Growing Up With Brian Wilson…

50 Years since Heroes & Villains

The Beach Boys: It’s there in the name isn’t it? Beach. Boys. Even if you didn’t know their music you would immediately conjure up an image of young lads spending carefree days in the surf and playing cheerfully on the sand… and singing about it. And, despite the fact that, as we all know, only one of them actually embraced surfing as a pastime, their songs have that veneer of bright breeziness, of untroubled blithe days of youth, sun and beach life.

You don’t need to look too far, though, to recognise that there was much more to the world they both created and the world in which they found they had to live. That there is complexity in the layered musical arrangements and harmonies is, of course, much recognised.  However, there is, I would argue, also complexity and maturity in the lyrics, a maturity that belies the youthfulness of the simple beach life that appears on the surface (or surf-face, if you will…)

I remember being fascinated by the multi-layered Good Vibrations, a song that combined the joys of adulation of the opposite sex, the rich warmth of summer and astonishing harmonies with non-linear yet mellifluous music.  But it was Heroes and Villains that really, truly astounded me. It’s sheer trickery — marvellous, wonderful musical trickery that leads the listener first here, and then there, twisting, stopping and re-starting.

Here there is not a hint of surf, of the beach, of hazy idleness: here is a tale of gun fights, culture clashes, small town rivalries and, ultimately, redemption. It is one of two songs that I am pleased to know – just because they are not easy to learn – all the words to, (the other being (White Man) In Hammersmith Palais). It is probably my favourite Beach Boys song (with the obvious exception of God Only Knows, which sits on a pedestal all of its own).

Elsewhere, there is a thread that persists in their lyrics, an already-yearning nostalgia for the time they were living in, a looking back even before it had passed. A fundamental anxiety about what life would be like once these responsibility-free, untroubled days were over and middle-age (as good — or bad — as old age to the youngsters they were then) had settled upon them.

Caroline, No, for example, has always struck me as incredibly poignant, a young man seeing the girl he once loved, now older and as lost to him as his youth, and wondering ‘Where did your long hair go? Where is the girl I used to know?’ The young writers (Brian Wilson and Tony Asher, 23 and 25 respectively) were recognising the passage of time and loss of innocence in a simple, yet telling couplet.  I remember hearing this as a 15-year-old and already dreading the girls I knew crossing the Rubicon into maturity, as evidenced by the cutting of their long hair, which itself seemed a metaphor for giving in to adulthood.

In Do It Again, there are similar nostalgic themes, written with prescience by Brian Wilson and, this time, Mike Love. ‘It’s automatic when I talk with old friends, the conversation turns girls we knew when their hair was soft and long…’ Again, the Beach Boys were turning the clock forward on themselves, and knowing, with wonderful sentimentality, that one day they’d be looking back on these times.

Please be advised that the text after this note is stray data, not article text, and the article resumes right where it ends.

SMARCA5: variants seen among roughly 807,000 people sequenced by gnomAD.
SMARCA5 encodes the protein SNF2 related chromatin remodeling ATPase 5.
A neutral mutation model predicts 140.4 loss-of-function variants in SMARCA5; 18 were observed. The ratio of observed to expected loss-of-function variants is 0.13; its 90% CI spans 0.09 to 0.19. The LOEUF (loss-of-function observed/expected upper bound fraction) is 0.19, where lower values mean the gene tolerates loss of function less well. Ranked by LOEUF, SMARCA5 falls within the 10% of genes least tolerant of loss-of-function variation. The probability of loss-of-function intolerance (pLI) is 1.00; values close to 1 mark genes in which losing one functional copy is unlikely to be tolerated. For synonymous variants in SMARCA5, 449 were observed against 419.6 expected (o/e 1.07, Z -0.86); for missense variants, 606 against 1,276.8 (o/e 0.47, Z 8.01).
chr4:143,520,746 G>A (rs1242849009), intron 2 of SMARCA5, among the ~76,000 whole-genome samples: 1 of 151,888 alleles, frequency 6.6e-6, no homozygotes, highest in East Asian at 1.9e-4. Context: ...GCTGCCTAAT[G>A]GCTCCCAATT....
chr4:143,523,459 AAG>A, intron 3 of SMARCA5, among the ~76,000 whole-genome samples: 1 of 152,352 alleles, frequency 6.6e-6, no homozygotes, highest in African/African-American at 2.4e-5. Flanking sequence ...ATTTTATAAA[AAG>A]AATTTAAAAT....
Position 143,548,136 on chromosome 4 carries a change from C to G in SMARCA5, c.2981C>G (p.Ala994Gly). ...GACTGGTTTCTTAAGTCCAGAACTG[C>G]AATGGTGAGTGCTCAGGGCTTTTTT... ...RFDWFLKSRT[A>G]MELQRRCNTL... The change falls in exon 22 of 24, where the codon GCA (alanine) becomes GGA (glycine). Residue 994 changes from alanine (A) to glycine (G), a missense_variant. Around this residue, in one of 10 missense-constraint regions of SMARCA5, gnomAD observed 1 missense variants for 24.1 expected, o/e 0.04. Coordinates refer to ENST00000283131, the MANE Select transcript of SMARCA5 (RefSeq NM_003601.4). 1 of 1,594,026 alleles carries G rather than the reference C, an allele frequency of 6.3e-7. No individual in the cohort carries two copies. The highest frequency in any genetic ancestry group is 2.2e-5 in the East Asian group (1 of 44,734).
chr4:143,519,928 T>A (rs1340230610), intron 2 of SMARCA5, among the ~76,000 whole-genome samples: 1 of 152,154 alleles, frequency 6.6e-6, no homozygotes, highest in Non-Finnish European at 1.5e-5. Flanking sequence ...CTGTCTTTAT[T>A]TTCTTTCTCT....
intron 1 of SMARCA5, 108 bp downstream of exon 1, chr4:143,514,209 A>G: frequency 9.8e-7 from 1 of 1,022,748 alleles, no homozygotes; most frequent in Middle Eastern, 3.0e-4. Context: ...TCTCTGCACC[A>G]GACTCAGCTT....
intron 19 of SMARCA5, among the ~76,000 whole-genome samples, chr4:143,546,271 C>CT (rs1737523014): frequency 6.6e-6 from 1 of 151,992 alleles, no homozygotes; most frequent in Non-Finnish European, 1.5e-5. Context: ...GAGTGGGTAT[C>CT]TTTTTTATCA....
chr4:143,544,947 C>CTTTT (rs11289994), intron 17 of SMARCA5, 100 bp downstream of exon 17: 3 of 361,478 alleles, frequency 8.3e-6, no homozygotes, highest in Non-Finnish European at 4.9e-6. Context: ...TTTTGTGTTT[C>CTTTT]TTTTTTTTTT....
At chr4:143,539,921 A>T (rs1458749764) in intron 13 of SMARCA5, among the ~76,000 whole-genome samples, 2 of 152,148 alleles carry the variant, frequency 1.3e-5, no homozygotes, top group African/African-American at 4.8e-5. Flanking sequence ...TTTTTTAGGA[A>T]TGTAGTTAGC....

On a different but connected theme, In My Room, a melancholic, introverted ode to the trials and tribulations of being a teenager, of the inevitable angst that accompanies all the joyous liberation, gives us a scene most of us will recognise: the sanctuary of our room, where we put all our setbacks, our woes, our disappointments into perspective and lost ourselves within, well, ourselves. ‘In this world I lock out all my worries and my fears’. Which of us didn’t?

For every seemingly cheerfully hedonistic song, of the ‘right here, right now,’ fun filled and sun-warmed happiness type, there’s another which looks tentatively ahead and asks ‘where is this all leading?’ Take a look and listen (again) to When I Grow Up To Be A Man. That the future, with its responsibilities, its expectations and pressures, was even written about by a group famed for its surf sound, let alone done so with such tenderness and anxiety is a thing of wonder.  There’s an acceptance of the inevitability of growing up (old) that is both sad and yet optimistic, knowing it will be filled with other, new experiences.

I grew up by the sea, and spent a lot of my childhood and teens on the beach. I loved the Beach Boys sound; it really did form a soundtrack to those long days messing about with boards, girls, friends, of not really thinking beyond the next few hours. And yet..

And yet, it was the other songs, the thoughtful, ponderous, complicated, wistful songs that really struck me.  Even as I lived and loved those days, I was aware of how quickly they would be gone, how I would one day be remembering them with a warm fondness.  I lived them and remembered them at one and the same time. If that sounds depressingly sad, trust me, it wasn’t.  Without the Beach Boys telling me how, I would surely have enjoyed them less, rather than doubly so.

Go on, treat yourself, have a listen with fresh ears and be as nostalgic as you like.

One thought on “Growing Up With Brian Wilson…

  1. Really good piece. Other: I see your H&V and raise you ‘Sail On Sailor’; perhaps my favourite BB tune of all, musically. Which, in and of itself, is a pretty out-there sentiment 🙂